Why does the working class no longer support the party of working men and women? Well, obviously the decline of organized labor plays a huge role; the proportion of private-sector workers represented by a union is 6 percent, about half what it was in 1992. But Lainey Newman, a law student at Harvard, and the Harvard sociologist Theda Skocpol suggest in their new book, Rust Belt Union Blues, that the decline shouldn’t be measured just in terms of falling membership. It should also be measured according to unions’ presence in the rank and file’s everyday nonworking lives.
Through fieldwork Newman conducted in Western Pennsylvania, the book documents the community-building role that union halls and labor-affiliated churches formerly played but mostly play no longer. Some of this was practical, like the sponsorship of blood drives and Alcoholics Anonymous chapters. Some was purely recreational, like fishing clubs, coin-collectors’ clubs, golf field days, and yes, that favorite of Harvard political scientist Robert D. Putnam, bowling leagues.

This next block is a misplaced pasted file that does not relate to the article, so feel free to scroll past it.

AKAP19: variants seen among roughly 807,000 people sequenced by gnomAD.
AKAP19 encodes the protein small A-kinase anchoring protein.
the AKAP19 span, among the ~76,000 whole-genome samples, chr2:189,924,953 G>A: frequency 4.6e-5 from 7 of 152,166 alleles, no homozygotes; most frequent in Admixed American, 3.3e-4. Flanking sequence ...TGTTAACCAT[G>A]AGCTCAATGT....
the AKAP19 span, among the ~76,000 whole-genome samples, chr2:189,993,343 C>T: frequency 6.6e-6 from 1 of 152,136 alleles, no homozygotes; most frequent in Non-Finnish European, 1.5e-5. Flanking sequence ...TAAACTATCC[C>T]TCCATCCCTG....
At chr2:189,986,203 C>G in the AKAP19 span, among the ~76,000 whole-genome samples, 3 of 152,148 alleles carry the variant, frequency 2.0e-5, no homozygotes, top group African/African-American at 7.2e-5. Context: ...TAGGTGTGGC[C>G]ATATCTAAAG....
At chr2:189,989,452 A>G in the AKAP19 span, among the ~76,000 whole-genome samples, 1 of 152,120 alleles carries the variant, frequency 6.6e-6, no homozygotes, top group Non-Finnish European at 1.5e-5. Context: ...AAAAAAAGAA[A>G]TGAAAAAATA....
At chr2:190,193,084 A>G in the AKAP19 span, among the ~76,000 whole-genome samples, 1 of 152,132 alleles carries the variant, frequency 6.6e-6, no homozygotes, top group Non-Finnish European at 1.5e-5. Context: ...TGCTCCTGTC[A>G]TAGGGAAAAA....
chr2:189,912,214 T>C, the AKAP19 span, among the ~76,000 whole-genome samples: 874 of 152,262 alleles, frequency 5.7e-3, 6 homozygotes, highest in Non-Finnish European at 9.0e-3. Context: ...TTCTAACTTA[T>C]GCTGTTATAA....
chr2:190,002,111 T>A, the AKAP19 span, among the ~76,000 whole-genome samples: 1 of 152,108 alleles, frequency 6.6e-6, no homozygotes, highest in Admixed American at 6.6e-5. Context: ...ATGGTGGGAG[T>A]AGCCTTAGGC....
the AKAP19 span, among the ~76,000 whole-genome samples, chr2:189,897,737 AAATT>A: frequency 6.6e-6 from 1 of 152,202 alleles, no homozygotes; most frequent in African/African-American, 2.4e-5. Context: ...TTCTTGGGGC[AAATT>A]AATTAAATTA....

The thesis of Putnam’s book Bowling Alone, which created a sensation when it was published in 2000, was that the decline of fraternal and other volunteer and recreational organizations left Americans feeling isolated and mutually distrustful. That certainly fits what Newman and Skocpol describe. But it’s also more complicated than that. In many cases, the communities themselves simply vanished as industrial plants shut down. The ones that remained were no longer close by; workers had to travel long distances to get to work. Skocpol, who grew up south of Detroit, told me she’d recently been back and noticed that while Ford’s massive River Rouge plant in Dearborn was still in business, the smaller auto plants further south along the river, around which thriving communities had formed, were mostly gone. Today autoworkers, she said, “are driving in.”